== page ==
We heard the following from a lot of different people: "follow your passion!" Well, I admit I've told my students this many many times (although I could write a full post on the perils of telling 19 year olds that they need a passion.) But I have to say that for as much as I enjoy teaching at Luther College, Runestone Interactive has definitely become a passion. Runestone has grown from a small project for 30 Luther students few years ago, to supporting over 20,000 students each day from over 600 institutions around the world. This growth has all happened through word of mouth. No advertising, No booths at trade shows, no sales force, no full time development team! I really think that Runestone could be 2,000,000 students a day with focus and full time effort. -- Yes, former students, that is what I think about in the shower in the morning!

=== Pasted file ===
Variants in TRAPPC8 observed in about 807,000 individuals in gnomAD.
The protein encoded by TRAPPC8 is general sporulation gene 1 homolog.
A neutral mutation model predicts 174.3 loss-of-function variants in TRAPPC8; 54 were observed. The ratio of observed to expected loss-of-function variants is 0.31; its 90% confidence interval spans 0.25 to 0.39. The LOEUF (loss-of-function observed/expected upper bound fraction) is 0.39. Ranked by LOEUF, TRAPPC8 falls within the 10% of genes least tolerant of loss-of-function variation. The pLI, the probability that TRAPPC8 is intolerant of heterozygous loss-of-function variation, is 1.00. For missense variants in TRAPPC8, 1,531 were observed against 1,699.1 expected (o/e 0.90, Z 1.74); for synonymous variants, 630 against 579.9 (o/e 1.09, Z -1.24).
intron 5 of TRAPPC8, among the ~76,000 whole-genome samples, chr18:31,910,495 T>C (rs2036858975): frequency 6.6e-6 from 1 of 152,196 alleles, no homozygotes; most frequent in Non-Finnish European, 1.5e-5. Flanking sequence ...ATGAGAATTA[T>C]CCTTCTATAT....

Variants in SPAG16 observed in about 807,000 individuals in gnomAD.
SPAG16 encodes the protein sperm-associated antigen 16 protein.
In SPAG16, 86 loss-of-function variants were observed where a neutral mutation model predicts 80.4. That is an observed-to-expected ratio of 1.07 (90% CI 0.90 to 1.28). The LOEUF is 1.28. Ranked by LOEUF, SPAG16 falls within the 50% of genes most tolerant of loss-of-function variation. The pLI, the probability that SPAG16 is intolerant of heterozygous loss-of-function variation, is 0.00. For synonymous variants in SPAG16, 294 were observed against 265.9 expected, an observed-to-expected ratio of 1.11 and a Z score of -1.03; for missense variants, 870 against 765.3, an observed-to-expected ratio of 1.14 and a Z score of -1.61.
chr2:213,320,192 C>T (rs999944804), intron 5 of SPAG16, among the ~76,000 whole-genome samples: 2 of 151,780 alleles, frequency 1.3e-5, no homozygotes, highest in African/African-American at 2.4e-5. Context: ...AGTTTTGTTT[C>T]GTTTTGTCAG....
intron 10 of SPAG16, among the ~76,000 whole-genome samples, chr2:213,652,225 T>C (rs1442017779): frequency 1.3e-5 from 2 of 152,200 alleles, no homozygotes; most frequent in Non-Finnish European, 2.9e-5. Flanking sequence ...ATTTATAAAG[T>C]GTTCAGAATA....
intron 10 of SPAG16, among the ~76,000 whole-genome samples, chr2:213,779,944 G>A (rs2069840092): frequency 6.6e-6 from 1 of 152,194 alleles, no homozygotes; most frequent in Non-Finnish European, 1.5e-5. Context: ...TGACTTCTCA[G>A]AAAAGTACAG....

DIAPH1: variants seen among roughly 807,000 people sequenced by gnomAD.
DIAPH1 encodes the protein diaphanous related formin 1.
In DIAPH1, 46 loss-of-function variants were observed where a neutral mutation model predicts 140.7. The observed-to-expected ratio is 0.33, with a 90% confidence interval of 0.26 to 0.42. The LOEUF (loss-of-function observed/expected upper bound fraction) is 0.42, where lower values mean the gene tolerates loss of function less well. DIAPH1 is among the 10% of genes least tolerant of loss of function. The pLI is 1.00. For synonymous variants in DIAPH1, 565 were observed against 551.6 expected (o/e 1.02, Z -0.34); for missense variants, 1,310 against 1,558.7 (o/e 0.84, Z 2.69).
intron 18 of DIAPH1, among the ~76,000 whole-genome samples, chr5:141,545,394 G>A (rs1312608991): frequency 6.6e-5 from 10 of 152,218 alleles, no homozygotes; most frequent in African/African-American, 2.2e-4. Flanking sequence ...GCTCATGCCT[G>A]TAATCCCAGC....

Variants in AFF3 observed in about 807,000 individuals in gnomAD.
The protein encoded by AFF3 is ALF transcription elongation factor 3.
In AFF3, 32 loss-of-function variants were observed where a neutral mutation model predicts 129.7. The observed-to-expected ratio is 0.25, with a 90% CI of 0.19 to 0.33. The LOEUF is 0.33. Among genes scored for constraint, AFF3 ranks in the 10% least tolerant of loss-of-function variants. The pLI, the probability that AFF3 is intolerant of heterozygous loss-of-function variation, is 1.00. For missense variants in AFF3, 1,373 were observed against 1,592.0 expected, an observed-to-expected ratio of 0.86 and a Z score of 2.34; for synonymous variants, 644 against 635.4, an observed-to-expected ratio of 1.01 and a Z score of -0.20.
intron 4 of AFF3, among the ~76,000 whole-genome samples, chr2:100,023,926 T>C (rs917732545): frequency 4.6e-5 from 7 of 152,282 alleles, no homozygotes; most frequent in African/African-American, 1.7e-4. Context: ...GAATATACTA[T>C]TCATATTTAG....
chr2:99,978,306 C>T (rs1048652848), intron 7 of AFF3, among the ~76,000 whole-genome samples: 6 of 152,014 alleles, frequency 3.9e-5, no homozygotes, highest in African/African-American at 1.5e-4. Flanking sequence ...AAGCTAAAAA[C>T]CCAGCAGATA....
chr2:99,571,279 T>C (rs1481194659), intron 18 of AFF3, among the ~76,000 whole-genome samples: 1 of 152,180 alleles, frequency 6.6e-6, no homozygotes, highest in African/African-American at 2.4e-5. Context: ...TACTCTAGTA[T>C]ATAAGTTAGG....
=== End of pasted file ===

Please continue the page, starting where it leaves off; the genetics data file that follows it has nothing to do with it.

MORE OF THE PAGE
The separation incentive offered by Luther gives me the opportunity to start a new company, incorporating what I learned from all the mistakes I made the first time around with Net Perceptions, and all of the experience I've gained in the last 15 years of teaching. It gives me one year to figure out if there is a business model that will keep the basic features and the books of Runestone free to everyone, while allowing me to build a small business that pays a salary, and hopefully allows me to bring others on board to work on this with me. It allows me to (1) follow a passion, (2) make the world a better place and (3) to play my part in "righting the wrong" that is textbook publishing today. Yes, $300 for a paperback textbook is a wrong! Wow, count them, that is three awesome reasons to start a company!
Democratizing Textbooks for the 21st Century